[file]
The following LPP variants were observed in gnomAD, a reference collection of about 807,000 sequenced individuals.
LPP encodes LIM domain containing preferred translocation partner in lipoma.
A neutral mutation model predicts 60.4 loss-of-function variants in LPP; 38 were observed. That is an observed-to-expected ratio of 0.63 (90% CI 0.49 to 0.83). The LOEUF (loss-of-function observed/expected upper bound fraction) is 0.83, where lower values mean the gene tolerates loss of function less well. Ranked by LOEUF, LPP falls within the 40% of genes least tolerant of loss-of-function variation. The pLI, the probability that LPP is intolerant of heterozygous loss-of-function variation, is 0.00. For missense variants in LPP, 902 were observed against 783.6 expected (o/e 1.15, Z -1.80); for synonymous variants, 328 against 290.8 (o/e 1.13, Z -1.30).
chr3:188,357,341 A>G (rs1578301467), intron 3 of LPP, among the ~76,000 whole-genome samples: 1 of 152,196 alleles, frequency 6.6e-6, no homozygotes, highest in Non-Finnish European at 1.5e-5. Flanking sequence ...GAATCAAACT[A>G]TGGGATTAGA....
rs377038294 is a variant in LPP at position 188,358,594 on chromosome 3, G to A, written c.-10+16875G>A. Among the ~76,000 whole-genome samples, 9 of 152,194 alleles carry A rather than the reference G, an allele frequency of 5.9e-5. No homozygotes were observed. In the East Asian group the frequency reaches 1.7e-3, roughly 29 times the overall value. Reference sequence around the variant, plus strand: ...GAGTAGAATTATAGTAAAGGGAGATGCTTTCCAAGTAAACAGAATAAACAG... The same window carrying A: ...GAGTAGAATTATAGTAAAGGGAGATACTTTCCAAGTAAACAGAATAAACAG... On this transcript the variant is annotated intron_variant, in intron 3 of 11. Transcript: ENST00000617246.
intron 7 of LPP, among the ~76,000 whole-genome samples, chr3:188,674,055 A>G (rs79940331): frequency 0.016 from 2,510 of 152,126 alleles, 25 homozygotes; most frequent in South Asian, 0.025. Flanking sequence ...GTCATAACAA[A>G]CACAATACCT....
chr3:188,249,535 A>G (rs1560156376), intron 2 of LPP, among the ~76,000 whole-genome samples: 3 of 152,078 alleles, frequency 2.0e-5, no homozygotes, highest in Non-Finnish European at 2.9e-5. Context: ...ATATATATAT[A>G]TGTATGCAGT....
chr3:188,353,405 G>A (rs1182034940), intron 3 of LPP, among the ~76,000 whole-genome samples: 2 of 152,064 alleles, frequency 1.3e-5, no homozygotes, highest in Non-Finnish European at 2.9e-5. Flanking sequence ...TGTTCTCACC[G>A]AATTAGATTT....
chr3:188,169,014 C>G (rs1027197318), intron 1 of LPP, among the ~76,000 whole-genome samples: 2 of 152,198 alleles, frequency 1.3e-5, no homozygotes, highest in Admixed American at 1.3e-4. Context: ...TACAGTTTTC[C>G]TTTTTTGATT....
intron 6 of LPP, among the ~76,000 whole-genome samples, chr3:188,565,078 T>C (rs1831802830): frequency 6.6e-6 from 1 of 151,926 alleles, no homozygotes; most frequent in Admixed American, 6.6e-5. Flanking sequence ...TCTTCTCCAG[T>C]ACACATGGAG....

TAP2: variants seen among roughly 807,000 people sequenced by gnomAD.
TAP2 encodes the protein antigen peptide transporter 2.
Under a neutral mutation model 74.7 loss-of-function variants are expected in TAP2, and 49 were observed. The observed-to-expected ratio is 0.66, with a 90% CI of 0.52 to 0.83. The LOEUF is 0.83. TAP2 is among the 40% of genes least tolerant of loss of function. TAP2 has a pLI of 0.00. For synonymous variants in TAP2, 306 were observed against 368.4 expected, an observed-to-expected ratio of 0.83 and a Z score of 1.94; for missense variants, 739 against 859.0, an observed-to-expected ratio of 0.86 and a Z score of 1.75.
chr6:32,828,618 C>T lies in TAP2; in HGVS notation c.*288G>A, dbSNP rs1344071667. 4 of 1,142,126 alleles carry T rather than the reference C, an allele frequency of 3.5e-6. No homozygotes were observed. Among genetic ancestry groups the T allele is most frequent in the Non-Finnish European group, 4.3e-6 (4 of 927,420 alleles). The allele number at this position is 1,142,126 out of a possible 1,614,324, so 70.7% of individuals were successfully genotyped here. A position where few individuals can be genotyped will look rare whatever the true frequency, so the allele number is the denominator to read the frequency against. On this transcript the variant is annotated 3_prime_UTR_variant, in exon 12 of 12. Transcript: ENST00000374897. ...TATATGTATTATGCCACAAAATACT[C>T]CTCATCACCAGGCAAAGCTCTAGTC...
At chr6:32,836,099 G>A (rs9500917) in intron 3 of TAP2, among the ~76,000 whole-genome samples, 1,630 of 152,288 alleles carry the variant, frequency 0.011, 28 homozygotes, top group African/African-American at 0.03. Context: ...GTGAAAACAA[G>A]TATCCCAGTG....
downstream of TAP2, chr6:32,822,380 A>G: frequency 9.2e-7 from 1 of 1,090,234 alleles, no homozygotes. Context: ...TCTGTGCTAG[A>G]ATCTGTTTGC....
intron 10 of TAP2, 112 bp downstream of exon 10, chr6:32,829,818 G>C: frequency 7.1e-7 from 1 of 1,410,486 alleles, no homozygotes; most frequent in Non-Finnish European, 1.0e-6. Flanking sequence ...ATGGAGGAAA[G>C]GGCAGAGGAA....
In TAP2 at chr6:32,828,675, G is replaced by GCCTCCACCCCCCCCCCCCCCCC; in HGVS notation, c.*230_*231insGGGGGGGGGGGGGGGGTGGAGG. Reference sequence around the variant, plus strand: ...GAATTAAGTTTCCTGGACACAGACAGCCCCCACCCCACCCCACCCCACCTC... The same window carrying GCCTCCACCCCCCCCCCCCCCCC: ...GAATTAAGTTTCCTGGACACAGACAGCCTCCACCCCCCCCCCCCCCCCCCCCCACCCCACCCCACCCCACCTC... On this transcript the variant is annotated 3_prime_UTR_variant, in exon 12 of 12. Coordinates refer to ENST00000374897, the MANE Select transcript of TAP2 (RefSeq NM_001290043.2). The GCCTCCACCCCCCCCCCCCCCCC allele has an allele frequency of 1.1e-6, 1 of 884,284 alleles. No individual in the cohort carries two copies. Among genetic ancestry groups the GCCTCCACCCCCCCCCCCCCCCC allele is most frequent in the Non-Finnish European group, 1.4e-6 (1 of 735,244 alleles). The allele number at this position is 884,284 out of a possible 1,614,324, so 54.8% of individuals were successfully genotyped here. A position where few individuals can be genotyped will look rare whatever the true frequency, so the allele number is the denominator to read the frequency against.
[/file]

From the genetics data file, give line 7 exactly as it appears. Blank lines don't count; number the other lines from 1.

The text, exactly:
chr3:188,249,535 A>G (rs1560156376), intron 2 of LPP, among the ~76,000 whole-genome samples: 3 of 152,078 alleles, frequency 2.0e-5, no homozygotes, highest in Non-Finnish European at 2.9e-5. Context: ...ATATATATAT[A>G]TGTATGCAGT....